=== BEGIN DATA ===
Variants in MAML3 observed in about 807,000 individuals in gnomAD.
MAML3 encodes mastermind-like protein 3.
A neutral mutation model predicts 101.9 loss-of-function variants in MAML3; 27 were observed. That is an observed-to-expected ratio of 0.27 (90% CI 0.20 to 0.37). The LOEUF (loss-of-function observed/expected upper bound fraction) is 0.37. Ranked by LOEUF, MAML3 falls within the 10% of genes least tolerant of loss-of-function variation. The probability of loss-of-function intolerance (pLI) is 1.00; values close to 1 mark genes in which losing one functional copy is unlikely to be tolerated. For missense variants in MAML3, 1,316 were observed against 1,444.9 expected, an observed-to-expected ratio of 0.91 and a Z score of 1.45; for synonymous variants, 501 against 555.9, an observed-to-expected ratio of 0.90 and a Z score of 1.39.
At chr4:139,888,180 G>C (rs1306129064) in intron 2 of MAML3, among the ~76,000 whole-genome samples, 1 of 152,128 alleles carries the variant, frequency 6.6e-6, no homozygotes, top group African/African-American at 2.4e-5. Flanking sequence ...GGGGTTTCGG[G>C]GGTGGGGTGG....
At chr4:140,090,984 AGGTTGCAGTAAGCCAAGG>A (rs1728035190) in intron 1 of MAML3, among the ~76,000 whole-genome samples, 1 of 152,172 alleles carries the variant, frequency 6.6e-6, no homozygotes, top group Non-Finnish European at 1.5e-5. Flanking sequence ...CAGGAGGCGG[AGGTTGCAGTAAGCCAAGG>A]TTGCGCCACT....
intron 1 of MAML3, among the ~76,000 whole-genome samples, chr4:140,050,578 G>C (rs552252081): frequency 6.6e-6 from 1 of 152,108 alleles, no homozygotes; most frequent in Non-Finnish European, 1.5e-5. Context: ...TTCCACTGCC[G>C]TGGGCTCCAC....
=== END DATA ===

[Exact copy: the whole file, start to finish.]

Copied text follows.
Variants in MAML3 observed in about 807,000 individuals in gnomAD.
MAML3 encodes mastermind-like protein 3.
A neutral mutation model predicts 101.9 loss-of-function variants in MAML3; 27 were observed. That is an observed-to-expected ratio of 0.27 (90% CI 0.20 to 0.37). The LOEUF (loss-of-function observed/expected upper bound fraction) is 0.37. Ranked by LOEUF, MAML3 falls within the 10% of genes least tolerant of loss-of-function variation. The probability of loss-of-function intolerance (pLI) is 1.00; values close to 1 mark genes in which losing one functional copy is unlikely to be tolerated. For missense variants in MAML3, 1,316 were observed against 1,444.9 expected, an observed-to-expected ratio of 0.91 and a Z score of 1.45; for synonymous variants, 501 against 555.9, an observed-to-expected ratio of 0.90 and a Z score of 1.39.
At chr4:139,888,180 G>C (rs1306129064) in intron 2 of MAML3, among the ~76,000 whole-genome samples, 1 of 152,128 alleles carries the variant, frequency 6.6e-6, no homozygotes, top group African/African-American at 2.4e-5. Flanking sequence ...GGGGTTTCGG[G>C]GGTGGGGTGG....
At chr4:140,090,984 AGGTTGCAGTAAGCCAAGG>A (rs1728035190) in intron 1 of MAML3, among the ~76,000 whole-genome samples, 1 of 152,172 alleles carries the variant, frequency 6.6e-6, no homozygotes, top group Non-Finnish European at 1.5e-5. Flanking sequence ...CAGGAGGCGG[AGGTTGCAGTAAGCCAAGG>A]TTGCGCCACT....
intron 1 of MAML3, among the ~76,000 whole-genome samples, chr4:140,050,578 G>C (rs552252081): frequency 6.6e-6 from 1 of 152,108 alleles, no homozygotes; most frequent in Non-Finnish European, 1.5e-5. Context: ...TTCCACTGCC[G>C]TGGGCTCCAC....